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The Year That It Was – 2017

in ClubSciWri/Newsletter by

Another year has come to an end! On this first day of a new year, new month and a new week, the Newsletter team wish you a fantastic kick-start. We have many reasons to celebrate the year 2018; one being we will soon be one year old, but the biggest joy is each day we are celebrating altruism in the Scientific Community.

The Newsletter team, together with Club SciWri and CSG, worked relentlessly to provide a collaboration platform to STEM professionals who are passionate about Science beyond the laboratory doors.

Being the first year in circulation, we have faced a few organizational hurdles. However, with each success and mistake, we learnt a lot. Through our 40 campaigns in 9 months, the team kept chasing the vision “for the scientist by the scientist.”

We ensured an amalgamation of different aspects of science. Our repository has it all!!! Whether, the articles are essential for career development/job offers, or for the stories which leave us awe inspired by the beauty of science, there is real value in the stuff.



(Topics we shared in the Club SciWri Weekly Briefings, Image courtesy Rituparna Chakrabarti)

As the New Year begins, we decided to have a recap on0 how we grew more vibrant as a team. Among the best additions to our group, the bunch of freelance writers stood out. Aditi (Chiplunkar) Khandekar, Nidhi Subhashini, Sven Truckenbrodt and Tanmoy Samaddar have been the key players in our content research, design and writing. Abhiyan Viplav, Kashyap Krishnasamy, Nisha Peter, Vignesh Narayan Hariharan and I have been the Hawk eyes for the editorial job. We are delighted that midst the organizational restructuring, the successful collaboration and extensive understanding between the writers and the editors assured campaign publication every Thursday, during 2017. Every team needs a backbone, for us Somdatta Karak took up the role gracefully. She assured initial smooth sailing and tethered the team spread across 4 different time zones.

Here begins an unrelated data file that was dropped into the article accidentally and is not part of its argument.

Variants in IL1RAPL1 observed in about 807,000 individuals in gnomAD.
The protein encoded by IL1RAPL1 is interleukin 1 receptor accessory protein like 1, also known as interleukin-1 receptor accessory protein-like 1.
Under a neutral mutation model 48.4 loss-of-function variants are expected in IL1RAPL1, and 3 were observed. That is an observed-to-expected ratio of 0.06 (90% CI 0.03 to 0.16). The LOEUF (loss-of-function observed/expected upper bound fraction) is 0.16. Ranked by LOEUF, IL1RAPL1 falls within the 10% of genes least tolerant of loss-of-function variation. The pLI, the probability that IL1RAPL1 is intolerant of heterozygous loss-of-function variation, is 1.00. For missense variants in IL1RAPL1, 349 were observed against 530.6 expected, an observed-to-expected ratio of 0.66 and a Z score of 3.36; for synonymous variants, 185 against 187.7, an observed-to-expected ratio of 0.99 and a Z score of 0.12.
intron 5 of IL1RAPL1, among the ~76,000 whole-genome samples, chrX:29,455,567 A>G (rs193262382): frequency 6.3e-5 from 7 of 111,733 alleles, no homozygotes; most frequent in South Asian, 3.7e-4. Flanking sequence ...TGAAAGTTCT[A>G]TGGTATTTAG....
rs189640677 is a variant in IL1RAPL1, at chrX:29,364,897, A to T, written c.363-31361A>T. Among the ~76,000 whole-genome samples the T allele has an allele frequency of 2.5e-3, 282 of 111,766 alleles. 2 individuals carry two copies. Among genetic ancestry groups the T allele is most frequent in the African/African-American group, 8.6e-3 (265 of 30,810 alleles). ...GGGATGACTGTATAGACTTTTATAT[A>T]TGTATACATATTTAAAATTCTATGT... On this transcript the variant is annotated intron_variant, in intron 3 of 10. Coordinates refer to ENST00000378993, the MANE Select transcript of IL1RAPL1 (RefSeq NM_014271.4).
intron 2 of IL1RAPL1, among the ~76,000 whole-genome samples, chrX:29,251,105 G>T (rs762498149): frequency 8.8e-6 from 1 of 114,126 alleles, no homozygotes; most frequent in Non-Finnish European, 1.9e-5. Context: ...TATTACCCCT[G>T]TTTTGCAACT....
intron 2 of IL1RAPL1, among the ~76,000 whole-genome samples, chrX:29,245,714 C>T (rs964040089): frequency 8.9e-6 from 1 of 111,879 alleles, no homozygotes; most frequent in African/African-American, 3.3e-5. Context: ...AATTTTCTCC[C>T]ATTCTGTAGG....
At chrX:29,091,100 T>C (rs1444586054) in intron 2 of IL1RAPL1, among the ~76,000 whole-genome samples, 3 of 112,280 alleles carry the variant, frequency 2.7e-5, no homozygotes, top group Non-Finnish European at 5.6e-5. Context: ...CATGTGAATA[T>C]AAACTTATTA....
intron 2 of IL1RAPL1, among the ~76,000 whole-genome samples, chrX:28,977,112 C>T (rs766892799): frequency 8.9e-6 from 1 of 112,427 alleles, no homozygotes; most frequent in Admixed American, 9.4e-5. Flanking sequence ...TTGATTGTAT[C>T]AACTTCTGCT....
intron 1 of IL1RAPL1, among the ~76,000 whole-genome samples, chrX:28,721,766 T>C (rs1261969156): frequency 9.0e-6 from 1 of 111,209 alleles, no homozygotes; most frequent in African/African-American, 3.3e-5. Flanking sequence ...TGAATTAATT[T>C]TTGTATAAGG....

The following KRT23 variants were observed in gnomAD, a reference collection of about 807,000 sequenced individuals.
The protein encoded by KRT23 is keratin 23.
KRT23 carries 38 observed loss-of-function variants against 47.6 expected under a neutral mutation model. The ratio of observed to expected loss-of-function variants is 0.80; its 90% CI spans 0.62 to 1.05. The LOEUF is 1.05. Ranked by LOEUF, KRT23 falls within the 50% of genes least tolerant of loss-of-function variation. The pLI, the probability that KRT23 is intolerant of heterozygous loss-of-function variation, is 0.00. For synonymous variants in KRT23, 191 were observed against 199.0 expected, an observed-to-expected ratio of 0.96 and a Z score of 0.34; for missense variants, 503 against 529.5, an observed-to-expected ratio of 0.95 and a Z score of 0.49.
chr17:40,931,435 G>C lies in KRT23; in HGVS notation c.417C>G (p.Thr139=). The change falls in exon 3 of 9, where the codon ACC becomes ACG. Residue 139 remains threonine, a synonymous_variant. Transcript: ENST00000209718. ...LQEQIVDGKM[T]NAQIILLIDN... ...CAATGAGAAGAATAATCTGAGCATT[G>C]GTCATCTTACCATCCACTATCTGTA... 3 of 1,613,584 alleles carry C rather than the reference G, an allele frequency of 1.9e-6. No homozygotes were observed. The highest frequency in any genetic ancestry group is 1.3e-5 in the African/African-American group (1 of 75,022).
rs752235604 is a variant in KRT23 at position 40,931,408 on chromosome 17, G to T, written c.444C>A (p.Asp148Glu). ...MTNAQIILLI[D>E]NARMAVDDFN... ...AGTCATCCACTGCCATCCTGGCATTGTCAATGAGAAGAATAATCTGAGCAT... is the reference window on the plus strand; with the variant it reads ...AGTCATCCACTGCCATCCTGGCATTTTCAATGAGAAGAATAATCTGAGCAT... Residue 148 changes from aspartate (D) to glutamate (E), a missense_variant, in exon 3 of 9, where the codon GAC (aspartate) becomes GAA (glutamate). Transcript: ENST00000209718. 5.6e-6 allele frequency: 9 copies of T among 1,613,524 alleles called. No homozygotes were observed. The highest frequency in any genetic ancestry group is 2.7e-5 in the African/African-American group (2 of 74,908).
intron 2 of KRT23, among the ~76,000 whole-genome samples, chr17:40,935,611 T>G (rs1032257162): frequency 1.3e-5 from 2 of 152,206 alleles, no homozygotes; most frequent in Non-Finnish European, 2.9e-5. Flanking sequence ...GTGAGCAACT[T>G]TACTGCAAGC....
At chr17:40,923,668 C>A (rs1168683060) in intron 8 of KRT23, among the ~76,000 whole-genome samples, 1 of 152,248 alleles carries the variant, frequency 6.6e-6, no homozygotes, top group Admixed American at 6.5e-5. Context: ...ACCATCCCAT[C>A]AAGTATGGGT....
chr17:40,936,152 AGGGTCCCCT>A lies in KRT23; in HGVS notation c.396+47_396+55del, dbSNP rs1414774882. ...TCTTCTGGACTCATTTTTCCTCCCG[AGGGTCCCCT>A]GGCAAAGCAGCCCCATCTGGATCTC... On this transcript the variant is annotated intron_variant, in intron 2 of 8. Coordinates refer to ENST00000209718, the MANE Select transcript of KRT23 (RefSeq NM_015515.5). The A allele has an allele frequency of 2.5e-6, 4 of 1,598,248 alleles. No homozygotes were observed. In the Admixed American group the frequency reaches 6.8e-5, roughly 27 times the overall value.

(In the Image: Top row (L-R) Kashyap and Somdatta; Middle row up (L-R) Rituparna, Nidhi, Abhiyan and Tanmoy; Middle row down (L-R) Sven and Aditi; Bottom row (L-R) Nisha and Vignesh)

We are extremely thankful to have our SciArties Vinita Bharat’s Fuzzy Synapse and Ipsa Jain’s IpsaWonders, their contributions added a different charm to our newsletter.

(In the Image: L-R Vinita and Ipsa)

Our Nine Best Shares

Here we recount the most read and liked issues of Club SciWri Weekly Briefings – 2017 from each month.

  1. April: published on 20th April, 2017
  2. May: published on 18th May, 2017
  3. June: published on 1st June, 2017
  4. July: published on 13th July, 2017 (Our Pick!)
  5. August: published on 3rd August, 2017
  6. September: published on 21st September, 2017
  7. October: published on 5th October, 2017
  8. November: published on 16th November, 2017
  9. December: published on 7th December, 2017

The Aftermath

Ours is a young endeavour within Club SciWri. However, we are steadily gaining our readership. This is indeed reflected in our subscription base, as we initially had only 12 subscribers and now we have reached to 530 active subscribers, spread across 3 continents.

The active members of CSG help us achieve our social media readership per campaign in the range of 120 – 2,400. We are thankful to them for keeping the platform alive with their dynamic shares, lively discussions and constant feedback. Secondly, our average campaign ;open rate is 15 %, which is higher than the industrial campaigns (13.09 %). Our 13th July, 2017, campaign witnessed so far the record-breaking 28.02 % open rate.

(The graph depicts the % of open rate, click rate and the industry average open rate of the campaigns published between April- December, 2017, generated using MailChimp)